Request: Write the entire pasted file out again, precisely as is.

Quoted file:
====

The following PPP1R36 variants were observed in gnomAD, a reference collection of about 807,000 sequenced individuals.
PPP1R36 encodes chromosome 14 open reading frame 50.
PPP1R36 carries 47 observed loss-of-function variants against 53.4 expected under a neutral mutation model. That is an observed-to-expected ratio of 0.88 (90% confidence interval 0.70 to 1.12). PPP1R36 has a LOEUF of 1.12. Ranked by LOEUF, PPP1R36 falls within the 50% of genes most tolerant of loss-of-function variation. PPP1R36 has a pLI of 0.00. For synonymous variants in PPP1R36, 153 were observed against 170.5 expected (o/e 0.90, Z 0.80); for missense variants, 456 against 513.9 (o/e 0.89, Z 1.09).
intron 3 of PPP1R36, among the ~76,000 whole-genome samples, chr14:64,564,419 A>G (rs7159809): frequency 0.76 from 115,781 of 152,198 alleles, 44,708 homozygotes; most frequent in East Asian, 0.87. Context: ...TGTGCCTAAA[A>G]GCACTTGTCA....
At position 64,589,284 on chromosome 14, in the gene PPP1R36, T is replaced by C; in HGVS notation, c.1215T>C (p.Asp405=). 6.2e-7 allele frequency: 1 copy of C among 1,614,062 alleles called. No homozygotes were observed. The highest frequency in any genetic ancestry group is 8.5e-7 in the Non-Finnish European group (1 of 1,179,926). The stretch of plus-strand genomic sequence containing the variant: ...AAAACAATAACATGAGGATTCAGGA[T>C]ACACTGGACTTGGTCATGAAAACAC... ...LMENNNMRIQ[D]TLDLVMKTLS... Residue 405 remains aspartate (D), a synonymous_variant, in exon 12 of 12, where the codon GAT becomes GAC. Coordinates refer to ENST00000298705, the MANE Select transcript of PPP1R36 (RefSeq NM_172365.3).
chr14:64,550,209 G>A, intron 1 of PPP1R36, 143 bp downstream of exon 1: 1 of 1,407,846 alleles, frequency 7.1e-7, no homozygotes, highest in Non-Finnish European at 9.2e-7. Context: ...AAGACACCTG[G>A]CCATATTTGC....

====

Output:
The following PPP1R36 variants were observed in gnomAD, a reference collection of about 807,000 sequenced individuals.
PPP1R36 encodes chromosome 14 open reading frame 50.
PPP1R36 carries 47 observed loss-of-function variants against 53.4 expected under a neutral mutation model. That is an observed-to-expected ratio of 0.88 (90% confidence interval 0.70 to 1.12). PPP1R36 has a LOEUF of 1.12. Ranked by LOEUF, PPP1R36 falls within the 50% of genes most tolerant of loss-of-function variation. PPP1R36 has a pLI of 0.00. For synonymous variants in PPP1R36, 153 were observed against 170.5 expected (o/e 0.90, Z 0.80); for missense variants, 456 against 513.9 (o/e 0.89, Z 1.09).
intron 3 of PPP1R36, among the ~76,000 whole-genome samples, chr14:64,564,419 A>G (rs7159809): frequency 0.76 from 115,781 of 152,198 alleles, 44,708 homozygotes; most frequent in East Asian, 0.87. Context: ...TGTGCCTAAA[A>G]GCACTTGTCA....
At position 64,589,284 on chromosome 14, in the gene PPP1R36, T is replaced by C; in HGVS notation, c.1215T>C (p.Asp405=). 6.2e-7 allele frequency: 1 copy of C among 1,614,062 alleles called. No homozygotes were observed. The highest frequency in any genetic ancestry group is 8.5e-7 in the Non-Finnish European group (1 of 1,179,926). The stretch of plus-strand genomic sequence containing the variant: ...AAAACAATAACATGAGGATTCAGGA[T>C]ACACTGGACTTGGTCATGAAAACAC... ...LMENNNMRIQ[D]TLDLVMKTLS... Residue 405 remains aspartate (D), a synonymous_variant, in exon 12 of 12, where the codon GAT becomes GAC. Coordinates refer to ENST00000298705, the MANE Select transcript of PPP1R36 (RefSeq NM_172365.3).
chr14:64,550,209 G>A, intron 1 of PPP1R36, 143 bp downstream of exon 1: 1 of 1,407,846 alleles, frequency 7.1e-7, no homozygotes, highest in Non-Finnish European at 9.2e-7. Context: ...AAGACACCTG[G>A]CCATATTTGC....